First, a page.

The new version of SARM has now completed a period of testing and refinement, taking account of user feedback, and is now generally available from the SARM Download page. See here for details of how New SARM differs from the old version. For the time being the most recent version of “old SARM” will still be available for download, but it is no longer being developed and in time will be withdrawn from public availability. Old versions of SARM are available on request.
ISO/IEC 25010:2023 is now available. The previous version of the standard contained a “Quality in Use” model as well as a “Product Quality Model”. These have now been split into two licensable standards: the Product Quality model is ISO/IEC 25010:2023, the Quality in Use model is in the new standard: ISO/IEC 25019:2023. It is the Product Quality Model that many SARM users have adopted as their quality model.
The most significant change is that there are now 9 Quality Characteristics in the model, with Safety being the new addition. There has been some renaming of other top level characteristics, and minor changes among the sub-characteristics. For example, Usability is now Interaction Capability. Portability is now Flexibility.
The addition of a 9th characteristic is significant for SARM, as current versions of the spreadsheet tool cater for a quality model consisting of up to 8 characteristics (and up to 25 sub-characteristics per characteristic). There are no plans to extend older versions of SARM to cater for more characteristics. However, the forthcoming “New SARM” will cater for up to 10 characteristics, and so will comfortably cope with the new ISO 25010 prouct quality model. Click here to read more about the improvements being introduced in New SARM.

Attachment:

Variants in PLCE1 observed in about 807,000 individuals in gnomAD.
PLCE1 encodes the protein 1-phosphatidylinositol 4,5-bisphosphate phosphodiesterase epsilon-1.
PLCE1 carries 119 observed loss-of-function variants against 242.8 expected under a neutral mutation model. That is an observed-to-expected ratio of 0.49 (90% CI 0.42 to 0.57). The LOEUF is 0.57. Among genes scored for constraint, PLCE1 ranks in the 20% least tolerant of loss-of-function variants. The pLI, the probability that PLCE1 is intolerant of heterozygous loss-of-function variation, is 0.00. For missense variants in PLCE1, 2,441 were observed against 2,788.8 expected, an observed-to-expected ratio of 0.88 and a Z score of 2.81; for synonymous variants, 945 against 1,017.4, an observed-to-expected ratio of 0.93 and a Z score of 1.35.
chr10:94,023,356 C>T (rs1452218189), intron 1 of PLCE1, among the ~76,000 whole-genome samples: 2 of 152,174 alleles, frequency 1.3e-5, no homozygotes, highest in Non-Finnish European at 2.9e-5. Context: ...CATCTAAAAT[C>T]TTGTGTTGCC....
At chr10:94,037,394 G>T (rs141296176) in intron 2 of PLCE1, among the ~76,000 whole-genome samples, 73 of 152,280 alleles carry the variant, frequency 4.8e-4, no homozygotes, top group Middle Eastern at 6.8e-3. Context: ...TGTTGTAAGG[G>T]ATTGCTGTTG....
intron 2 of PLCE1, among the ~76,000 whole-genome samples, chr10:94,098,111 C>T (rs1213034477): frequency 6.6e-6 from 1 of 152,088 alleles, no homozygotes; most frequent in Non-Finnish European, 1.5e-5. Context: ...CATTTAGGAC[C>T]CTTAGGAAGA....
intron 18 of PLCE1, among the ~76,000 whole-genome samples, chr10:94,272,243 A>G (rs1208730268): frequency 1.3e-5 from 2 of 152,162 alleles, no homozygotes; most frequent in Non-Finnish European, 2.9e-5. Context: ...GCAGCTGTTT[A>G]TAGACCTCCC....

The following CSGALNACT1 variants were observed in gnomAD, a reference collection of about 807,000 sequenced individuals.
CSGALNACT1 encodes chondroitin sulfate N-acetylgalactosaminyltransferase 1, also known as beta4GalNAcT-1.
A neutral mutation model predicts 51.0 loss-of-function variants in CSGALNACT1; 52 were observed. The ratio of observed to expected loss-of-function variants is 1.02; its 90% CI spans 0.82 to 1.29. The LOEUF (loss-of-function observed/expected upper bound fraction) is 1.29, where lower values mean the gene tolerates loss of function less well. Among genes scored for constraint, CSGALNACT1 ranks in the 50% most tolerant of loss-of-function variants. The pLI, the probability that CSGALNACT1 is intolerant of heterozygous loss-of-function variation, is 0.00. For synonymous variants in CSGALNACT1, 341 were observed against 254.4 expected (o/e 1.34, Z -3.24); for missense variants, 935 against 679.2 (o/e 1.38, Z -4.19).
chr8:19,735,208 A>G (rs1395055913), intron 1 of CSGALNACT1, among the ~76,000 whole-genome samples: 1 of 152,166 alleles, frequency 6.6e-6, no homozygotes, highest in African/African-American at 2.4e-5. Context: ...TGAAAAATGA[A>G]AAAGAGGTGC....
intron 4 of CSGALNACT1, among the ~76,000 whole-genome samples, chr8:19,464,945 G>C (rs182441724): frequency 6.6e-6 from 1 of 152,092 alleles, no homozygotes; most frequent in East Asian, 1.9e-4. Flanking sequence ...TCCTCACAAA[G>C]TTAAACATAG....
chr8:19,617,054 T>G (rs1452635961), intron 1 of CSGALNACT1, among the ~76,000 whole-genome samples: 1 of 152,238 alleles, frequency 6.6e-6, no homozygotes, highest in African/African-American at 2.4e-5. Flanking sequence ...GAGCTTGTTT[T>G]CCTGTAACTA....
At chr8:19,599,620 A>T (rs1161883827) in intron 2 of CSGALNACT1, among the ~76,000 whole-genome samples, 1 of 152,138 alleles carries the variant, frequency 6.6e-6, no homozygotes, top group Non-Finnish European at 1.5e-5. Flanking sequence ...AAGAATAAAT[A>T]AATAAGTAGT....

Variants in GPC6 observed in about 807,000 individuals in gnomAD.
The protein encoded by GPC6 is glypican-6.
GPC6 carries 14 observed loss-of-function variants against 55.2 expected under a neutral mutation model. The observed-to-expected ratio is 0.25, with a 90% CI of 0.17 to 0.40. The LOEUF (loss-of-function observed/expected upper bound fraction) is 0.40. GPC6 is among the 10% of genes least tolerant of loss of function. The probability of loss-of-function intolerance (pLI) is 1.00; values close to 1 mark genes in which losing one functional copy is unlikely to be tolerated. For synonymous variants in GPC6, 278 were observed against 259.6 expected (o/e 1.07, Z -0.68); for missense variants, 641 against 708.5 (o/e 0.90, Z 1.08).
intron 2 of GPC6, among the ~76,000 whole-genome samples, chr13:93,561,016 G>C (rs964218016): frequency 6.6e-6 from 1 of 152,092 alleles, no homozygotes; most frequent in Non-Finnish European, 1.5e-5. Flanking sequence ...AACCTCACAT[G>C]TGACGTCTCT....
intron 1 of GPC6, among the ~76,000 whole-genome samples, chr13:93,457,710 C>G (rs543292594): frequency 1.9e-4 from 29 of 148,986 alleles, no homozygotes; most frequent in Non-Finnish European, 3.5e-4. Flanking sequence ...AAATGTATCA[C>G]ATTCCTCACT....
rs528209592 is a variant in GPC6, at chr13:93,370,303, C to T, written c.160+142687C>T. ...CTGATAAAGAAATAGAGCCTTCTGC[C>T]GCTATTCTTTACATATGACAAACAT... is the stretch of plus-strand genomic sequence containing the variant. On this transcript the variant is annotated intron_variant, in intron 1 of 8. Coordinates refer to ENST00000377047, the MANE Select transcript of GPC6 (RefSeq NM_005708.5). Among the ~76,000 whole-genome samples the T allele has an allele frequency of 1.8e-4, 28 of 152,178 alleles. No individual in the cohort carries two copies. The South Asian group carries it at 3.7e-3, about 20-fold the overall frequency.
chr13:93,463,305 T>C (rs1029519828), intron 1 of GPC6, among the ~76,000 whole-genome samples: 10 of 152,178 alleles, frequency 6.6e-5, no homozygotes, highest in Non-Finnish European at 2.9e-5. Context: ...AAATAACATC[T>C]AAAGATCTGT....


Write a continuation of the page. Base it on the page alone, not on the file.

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Ever since developing the SARM spreadsheet tool, I’ve been uncomfortable about its use of a calculated average risk score for aggregating risk. On its own, an average score for risk is almost completely meaningless – a larger number of low risks does not, in any way, diminish the significant of existing high risks. Provided the underlying base is the same, it can provide a decent basis for comparison, which is how it is used in the SARM spreadsheet. But the numbers cannot be compared between different SARM models – the number of requirements/scenarios will affect the spread of average risk scores, so comparison will only be valid within the same model. Anyone who has attended the Architecture Analysis course will be aware of these concerns – I repeatedly warn participants of the danger of looking at average scores.
So I’ve finally decided to explore how best to aggregate risk scores from scenarios to sub-characteristics to characteristics, and to stakeholders and to an overall conclusion, without using averages. I have a good prototype – still excel based. It goes back to the traditional way of using a risk model, with tolerance thresholds determining whether an individual risk score is Red, Amber or Green. The model is defined by the user in a separate tab.
To read more about the differences between “New SARM” and “Old SARM”, click here.
If you want to give it a try, please reach out to me at info [at] sarm [dot] org [dot] uk.
A two-day Architecture Analysis training course, centred around the Solution Architecture Review Method, is now available for delivery on-site. See here for details.
Great to see SARM featured as a valuable method for building quality into the agile software delivery life cycle in this excellent book:
Take a look at this 16-minute long presentation if you’re interested in a short introduction to the general topic of architecture analysis.
A new version of the SARM spreadsheet tool! The core functionality remains unchanged, but we’ve changed some of the terminology to make it clearer and easier to use, made it easier to accommodate other quality models and, most noticeably, removed the reliance on a stakeholder model.